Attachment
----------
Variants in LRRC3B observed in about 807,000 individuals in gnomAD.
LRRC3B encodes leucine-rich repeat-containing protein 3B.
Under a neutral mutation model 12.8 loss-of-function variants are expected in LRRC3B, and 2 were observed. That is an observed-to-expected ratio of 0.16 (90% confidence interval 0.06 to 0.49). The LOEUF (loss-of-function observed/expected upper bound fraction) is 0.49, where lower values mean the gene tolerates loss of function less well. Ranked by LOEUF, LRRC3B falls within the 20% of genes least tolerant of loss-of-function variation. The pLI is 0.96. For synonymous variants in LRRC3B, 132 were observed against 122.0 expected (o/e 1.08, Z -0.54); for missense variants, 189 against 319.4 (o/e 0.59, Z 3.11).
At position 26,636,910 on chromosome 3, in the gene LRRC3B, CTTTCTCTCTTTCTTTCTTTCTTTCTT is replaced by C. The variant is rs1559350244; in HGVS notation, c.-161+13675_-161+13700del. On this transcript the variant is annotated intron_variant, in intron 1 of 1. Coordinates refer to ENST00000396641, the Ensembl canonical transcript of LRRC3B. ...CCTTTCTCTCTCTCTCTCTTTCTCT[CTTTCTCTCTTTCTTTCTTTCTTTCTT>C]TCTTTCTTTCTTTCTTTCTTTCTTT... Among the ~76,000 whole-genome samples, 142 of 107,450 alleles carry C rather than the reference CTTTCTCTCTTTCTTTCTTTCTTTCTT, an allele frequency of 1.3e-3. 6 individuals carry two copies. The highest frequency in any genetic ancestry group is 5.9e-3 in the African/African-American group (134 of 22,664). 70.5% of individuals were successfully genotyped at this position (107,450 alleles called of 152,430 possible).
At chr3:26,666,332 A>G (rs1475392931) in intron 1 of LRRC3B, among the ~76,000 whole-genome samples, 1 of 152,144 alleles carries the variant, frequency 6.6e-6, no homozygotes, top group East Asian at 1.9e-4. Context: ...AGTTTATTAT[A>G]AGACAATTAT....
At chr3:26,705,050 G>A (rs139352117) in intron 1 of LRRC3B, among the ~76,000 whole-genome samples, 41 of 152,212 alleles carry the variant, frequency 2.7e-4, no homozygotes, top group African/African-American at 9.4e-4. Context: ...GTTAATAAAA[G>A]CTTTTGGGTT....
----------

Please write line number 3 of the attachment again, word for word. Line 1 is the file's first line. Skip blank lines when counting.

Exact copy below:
Under a neutral mutation model 12.8 loss-of-function variants are expected in LRRC3B, and 2 were observed. That is an observed-to-expected ratio of 0.16 (90% confidence interval 0.06 to 0.49). The LOEUF (loss-of-function observed/expected upper bound fraction) is 0.49, where lower values mean the gene tolerates loss of function less well. Ranked by LOEUF, LRRC3B falls within the 20% of genes least tolerant of loss-of-function variation. The pLI is 0.96. For synonymous variants in LRRC3B, 132 were observed against 122.0 expected (o/e 1.08, Z -0.54); for missense variants, 189 against 319.4 (o/e 0.59, Z 3.11).